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Labour Markets with Company Wage Policies

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  • Alan Manning

Abstract

In the conventional perfectly competitive model of the labour market, wage-setting is individualistic in the sense that identical workers should receive identical wages in different firms and different workers should receive different wages in the same firm. But, in reality, wages often seem to be attached more to the job than the worker, with identical workers receiving different wages in different firms and different workers receiving the same wage in a single firm. There is what we call a Company Wage Policy. In this paper we explore the consequences of assuming that the labour market is characterised by company wage policies. We consider a number of issues; the nature of wage dispersion and unemployment, the effects of benefits, minimum wages and unions, and the incentives to acquire skills. We show that, in general, company wage policies imply labour market behaviour that is very different from the perfectly competitive model, and seems more in line with empirical evidence. Finally, we consider why company wage policies might exist.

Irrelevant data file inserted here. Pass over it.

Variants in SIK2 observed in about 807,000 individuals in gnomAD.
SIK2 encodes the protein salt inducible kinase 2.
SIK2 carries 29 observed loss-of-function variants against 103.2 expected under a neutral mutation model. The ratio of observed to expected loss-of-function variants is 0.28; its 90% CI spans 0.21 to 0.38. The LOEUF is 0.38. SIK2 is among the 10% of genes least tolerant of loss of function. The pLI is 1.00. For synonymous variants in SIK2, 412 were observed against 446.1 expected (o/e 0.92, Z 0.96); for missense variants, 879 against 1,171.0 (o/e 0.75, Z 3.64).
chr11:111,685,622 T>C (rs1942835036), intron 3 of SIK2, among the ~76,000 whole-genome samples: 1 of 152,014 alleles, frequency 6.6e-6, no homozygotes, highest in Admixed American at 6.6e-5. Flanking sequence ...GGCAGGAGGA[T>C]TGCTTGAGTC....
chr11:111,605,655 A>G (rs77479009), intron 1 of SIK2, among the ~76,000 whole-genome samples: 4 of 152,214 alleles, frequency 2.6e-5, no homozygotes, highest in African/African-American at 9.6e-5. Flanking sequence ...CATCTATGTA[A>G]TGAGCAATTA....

Suggested Citation

  • Alan Manning, 1994. "Labour Markets with Company Wage Policies," CEP Discussion Papers dp0214, Centre for Economic Performance, LSE.
  • Handle: RePEc:cep:cepdps:dp0214
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    Cited by:

    1. Jonathan P. Thomas, 1999. "Fair Pay and a Wagebill Arguement for Wage Rigidity and Excessive Employment Variability," Discussion Paper Series, Department of Economics 199919, Department of Economics, University of St. Andrews.
    2. Dovern, Jonas & Meier, Carsten-Patrick, 2006. "Macroeconomic aspects of structural labor market reforms in Germany," Kiel Working Papers 1295, Kiel Institute for the World Economy (IfW).
    3. Erling Barth & Harald Dale-Olsen, 2011. "Employer Size or Skill Group Size Effect on Wages?," ILR Review, Cornell University, ILR School, vol. 64(2), pages 341-355, January.
    4. Erling Barth & Harald Dale-Olsen, 1999. "Monopsonistic Discrimination and the Gender-Wage Gap," NBER Working Papers 7197, National Bureau of Economic Research, Inc.

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